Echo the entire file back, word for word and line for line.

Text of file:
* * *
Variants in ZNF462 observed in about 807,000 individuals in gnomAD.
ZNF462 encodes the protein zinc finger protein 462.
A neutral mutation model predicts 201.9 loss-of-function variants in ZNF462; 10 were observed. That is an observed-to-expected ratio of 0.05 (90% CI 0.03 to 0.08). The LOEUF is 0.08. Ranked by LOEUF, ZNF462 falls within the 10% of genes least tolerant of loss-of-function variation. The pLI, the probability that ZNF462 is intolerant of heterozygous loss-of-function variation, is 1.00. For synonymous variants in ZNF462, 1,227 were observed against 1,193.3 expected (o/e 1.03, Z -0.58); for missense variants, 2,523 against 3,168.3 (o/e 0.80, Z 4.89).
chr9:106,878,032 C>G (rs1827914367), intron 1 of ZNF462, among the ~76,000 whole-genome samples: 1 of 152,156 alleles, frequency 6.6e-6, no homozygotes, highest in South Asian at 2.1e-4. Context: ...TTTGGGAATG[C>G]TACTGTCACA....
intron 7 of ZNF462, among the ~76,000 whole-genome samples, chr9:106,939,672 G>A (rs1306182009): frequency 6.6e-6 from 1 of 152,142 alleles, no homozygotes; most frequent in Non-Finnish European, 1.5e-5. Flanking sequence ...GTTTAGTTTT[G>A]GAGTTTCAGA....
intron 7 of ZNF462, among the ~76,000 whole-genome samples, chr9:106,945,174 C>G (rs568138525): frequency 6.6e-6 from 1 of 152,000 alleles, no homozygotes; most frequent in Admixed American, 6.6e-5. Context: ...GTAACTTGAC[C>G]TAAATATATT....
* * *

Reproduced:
Variants in ZNF462 observed in about 807,000 individuals in gnomAD.
ZNF462 encodes the protein zinc finger protein 462.
A neutral mutation model predicts 201.9 loss-of-function variants in ZNF462; 10 were observed. That is an observed-to-expected ratio of 0.05 (90% CI 0.03 to 0.08). The LOEUF is 0.08. Ranked by LOEUF, ZNF462 falls within the 10% of genes least tolerant of loss-of-function variation. The pLI, the probability that ZNF462 is intolerant of heterozygous loss-of-function variation, is 1.00. For synonymous variants in ZNF462, 1,227 were observed against 1,193.3 expected (o/e 1.03, Z -0.58); for missense variants, 2,523 against 3,168.3 (o/e 0.80, Z 4.89).
chr9:106,878,032 C>G (rs1827914367), intron 1 of ZNF462, among the ~76,000 whole-genome samples: 1 of 152,156 alleles, frequency 6.6e-6, no homozygotes, highest in South Asian at 2.1e-4. Context: ...TTTGGGAATG[C>G]TACTGTCACA....
intron 7 of ZNF462, among the ~76,000 whole-genome samples, chr9:106,939,672 G>A (rs1306182009): frequency 6.6e-6 from 1 of 152,142 alleles, no homozygotes; most frequent in Non-Finnish European, 1.5e-5. Flanking sequence ...GTTTAGTTTT[G>A]GAGTTTCAGA....
intron 7 of ZNF462, among the ~76,000 whole-genome samples, chr9:106,945,174 C>G (rs568138525): frequency 6.6e-6 from 1 of 152,000 alleles, no homozygotes; most frequent in Admixed American, 6.6e-5. Context: ...GTAACTTGAC[C>G]TAAATATATT....